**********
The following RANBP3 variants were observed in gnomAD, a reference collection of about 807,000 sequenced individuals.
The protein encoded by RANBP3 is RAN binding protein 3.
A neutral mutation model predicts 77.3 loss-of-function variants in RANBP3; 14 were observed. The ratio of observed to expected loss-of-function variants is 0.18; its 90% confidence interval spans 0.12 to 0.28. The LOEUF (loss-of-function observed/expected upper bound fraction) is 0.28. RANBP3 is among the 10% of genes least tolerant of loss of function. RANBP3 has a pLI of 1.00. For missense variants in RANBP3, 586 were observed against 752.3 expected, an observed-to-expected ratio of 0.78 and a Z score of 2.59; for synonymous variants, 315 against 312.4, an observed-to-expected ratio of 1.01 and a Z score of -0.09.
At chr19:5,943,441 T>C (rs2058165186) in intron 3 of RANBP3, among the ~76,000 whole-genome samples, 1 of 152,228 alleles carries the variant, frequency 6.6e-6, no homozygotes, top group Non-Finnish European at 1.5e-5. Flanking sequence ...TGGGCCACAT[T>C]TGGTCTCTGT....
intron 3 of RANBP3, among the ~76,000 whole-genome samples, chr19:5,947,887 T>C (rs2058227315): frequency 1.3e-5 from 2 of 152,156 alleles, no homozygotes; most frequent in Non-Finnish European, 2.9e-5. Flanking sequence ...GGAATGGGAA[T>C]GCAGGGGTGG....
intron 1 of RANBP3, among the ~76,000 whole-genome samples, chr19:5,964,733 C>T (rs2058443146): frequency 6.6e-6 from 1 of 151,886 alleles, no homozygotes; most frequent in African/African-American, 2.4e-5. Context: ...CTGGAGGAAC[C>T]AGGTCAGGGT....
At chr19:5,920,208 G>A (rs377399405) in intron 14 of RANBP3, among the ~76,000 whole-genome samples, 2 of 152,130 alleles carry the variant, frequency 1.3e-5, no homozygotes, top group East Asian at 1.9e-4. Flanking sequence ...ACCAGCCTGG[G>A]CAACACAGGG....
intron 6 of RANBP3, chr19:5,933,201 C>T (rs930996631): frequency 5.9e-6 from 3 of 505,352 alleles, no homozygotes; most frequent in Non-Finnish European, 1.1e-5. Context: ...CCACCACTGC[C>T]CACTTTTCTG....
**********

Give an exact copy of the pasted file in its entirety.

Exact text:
The following RANBP3 variants were observed in gnomAD, a reference collection of about 807,000 sequenced individuals.
The protein encoded by RANBP3 is RAN binding protein 3.
A neutral mutation model predicts 77.3 loss-of-function variants in RANBP3; 14 were observed. The ratio of observed to expected loss-of-function variants is 0.18; its 90% confidence interval spans 0.12 to 0.28. The LOEUF (loss-of-function observed/expected upper bound fraction) is 0.28. RANBP3 is among the 10% of genes least tolerant of loss of function. RANBP3 has a pLI of 1.00. For missense variants in RANBP3, 586 were observed against 752.3 expected, an observed-to-expected ratio of 0.78 and a Z score of 2.59; for synonymous variants, 315 against 312.4, an observed-to-expected ratio of 1.01 and a Z score of -0.09.
At chr19:5,943,441 T>C (rs2058165186) in intron 3 of RANBP3, among the ~76,000 whole-genome samples, 1 of 152,228 alleles carries the variant, frequency 6.6e-6, no homozygotes, top group Non-Finnish European at 1.5e-5. Flanking sequence ...TGGGCCACAT[T>C]TGGTCTCTGT....
intron 3 of RANBP3, among the ~76,000 whole-genome samples, chr19:5,947,887 T>C (rs2058227315): frequency 1.3e-5 from 2 of 152,156 alleles, no homozygotes; most frequent in Non-Finnish European, 2.9e-5. Flanking sequence ...GGAATGGGAA[T>C]GCAGGGGTGG....
intron 1 of RANBP3, among the ~76,000 whole-genome samples, chr19:5,964,733 C>T (rs2058443146): frequency 6.6e-6 from 1 of 151,886 alleles, no homozygotes; most frequent in African/African-American, 2.4e-5. Context: ...CTGGAGGAAC[C>T]AGGTCAGGGT....
At chr19:5,920,208 G>A (rs377399405) in intron 14 of RANBP3, among the ~76,000 whole-genome samples, 2 of 152,130 alleles carry the variant, frequency 1.3e-5, no homozygotes, top group East Asian at 1.9e-4. Flanking sequence ...ACCAGCCTGG[G>A]CAACACAGGG....
intron 6 of RANBP3, chr19:5,933,201 C>T (rs930996631): frequency 5.9e-6 from 3 of 505,352 alleles, no homozygotes; most frequent in Non-Finnish European, 1.1e-5. Context: ...CCACCACTGC[C>T]CACTTTTCTG....